In the big, wide world of Irvine, we see trees, birds, swatches of green grass and blue sky, logs to climb, water to splash in and trails to walk on. One may think that walking the same trails and seeing the same scenery may get cumbersome week after week. We recognize our way on the trail with our eyes closed, but can we stop to notice little details? How often does a howling pack of 4-6 year olds stop and notice any small part of nature? The answer is- not often! That’s why this week, we focused on the smaller things that make up our great outdoor space.
On Tuesday, we broke out the magnifying glasses and started noticing how everyday things like grass, leaves and dirt, turned into objects with bumps, waves and textures! We took our new found mindfulness and used it to create beautiful fairy houses out in the Glen. We then hiked to the barn and did some cloud watching. Details don’t always have to be small. We noticed things in the clouds that we may have never seen had we not been taking a different look! Our book for the day was called It Looked Like Spilt Milk by Charles G. Shaw. It was a picture book full of cloud shapes that reminded us of everyday objects. We spent time sunning ourselves and making little discoveries down by the fire circle area.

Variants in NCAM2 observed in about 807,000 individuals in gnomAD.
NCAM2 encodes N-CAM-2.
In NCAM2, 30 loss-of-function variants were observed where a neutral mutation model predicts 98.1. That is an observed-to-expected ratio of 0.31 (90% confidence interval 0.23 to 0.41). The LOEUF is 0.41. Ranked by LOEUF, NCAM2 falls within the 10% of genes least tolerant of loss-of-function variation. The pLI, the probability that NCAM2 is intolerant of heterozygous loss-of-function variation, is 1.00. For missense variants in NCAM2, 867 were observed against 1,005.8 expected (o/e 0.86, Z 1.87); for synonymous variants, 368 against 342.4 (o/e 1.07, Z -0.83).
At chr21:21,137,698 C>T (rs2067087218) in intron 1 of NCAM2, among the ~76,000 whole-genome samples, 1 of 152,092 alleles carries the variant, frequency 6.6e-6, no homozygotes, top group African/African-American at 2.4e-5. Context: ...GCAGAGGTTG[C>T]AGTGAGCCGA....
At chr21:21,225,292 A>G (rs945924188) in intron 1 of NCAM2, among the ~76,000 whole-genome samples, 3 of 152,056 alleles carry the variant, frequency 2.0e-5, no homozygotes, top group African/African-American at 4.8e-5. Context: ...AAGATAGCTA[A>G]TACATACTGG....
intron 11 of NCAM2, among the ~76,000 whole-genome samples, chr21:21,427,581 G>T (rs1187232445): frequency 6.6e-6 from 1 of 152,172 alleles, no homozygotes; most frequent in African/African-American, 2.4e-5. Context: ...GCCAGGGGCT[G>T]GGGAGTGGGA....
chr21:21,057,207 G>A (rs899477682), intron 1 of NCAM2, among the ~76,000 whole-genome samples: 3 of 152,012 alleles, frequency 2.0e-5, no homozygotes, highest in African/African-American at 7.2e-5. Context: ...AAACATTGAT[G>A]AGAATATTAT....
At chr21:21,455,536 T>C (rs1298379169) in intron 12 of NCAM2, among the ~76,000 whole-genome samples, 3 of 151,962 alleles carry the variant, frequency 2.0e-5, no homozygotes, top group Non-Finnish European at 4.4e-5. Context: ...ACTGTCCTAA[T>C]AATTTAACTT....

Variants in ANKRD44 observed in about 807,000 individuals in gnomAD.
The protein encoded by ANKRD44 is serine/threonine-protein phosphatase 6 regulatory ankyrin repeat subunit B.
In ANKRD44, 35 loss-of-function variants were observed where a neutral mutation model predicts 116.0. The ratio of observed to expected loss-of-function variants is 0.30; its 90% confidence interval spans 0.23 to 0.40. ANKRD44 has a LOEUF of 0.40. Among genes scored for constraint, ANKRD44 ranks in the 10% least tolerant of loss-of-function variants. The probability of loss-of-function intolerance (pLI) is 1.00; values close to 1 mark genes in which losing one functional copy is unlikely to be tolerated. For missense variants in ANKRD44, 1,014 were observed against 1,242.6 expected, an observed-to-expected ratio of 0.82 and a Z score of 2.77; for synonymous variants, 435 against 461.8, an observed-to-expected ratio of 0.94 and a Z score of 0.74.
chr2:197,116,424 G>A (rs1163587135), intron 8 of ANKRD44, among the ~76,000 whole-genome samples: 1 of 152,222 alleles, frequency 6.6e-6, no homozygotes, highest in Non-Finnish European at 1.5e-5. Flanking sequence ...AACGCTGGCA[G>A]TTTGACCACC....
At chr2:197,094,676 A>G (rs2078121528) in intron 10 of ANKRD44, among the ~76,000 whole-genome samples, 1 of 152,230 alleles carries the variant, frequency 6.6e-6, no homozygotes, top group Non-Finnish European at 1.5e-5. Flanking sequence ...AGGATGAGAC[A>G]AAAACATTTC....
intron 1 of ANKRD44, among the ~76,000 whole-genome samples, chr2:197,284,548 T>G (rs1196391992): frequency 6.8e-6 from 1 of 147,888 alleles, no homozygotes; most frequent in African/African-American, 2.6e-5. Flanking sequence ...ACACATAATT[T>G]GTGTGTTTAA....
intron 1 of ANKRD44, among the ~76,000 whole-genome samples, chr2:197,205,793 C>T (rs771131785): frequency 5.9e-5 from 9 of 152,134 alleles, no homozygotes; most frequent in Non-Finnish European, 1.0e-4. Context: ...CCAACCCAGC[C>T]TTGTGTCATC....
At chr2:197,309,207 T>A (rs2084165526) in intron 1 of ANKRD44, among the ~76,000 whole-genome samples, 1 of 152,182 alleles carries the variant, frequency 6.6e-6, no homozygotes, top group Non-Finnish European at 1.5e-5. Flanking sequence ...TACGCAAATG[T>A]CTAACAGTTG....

On Thursday, we took a gander at some of Irvine’s smallest inhabitants- insects! Some of those little guys were so small that we could only catch them with a sweep net. We learned how to use a sweep net in the amphitheater area but didn’t find many insects there. Once we went to the meadow, we found much more in the tall grasses. We even collected some moths! Our story was The Very Quiet Cricket by Eric Carle. Ms. Sophie showed us why jewelweed could really live up to its name. Did you know that adding water to jewelweed makes it shine? Were you also aware that there is an abundance of garlic mustard down by the meadow area that we never noticed and that lots of our friends liked munching on it?
This week was full of little surprises!
Think Small, Forest Kiddos!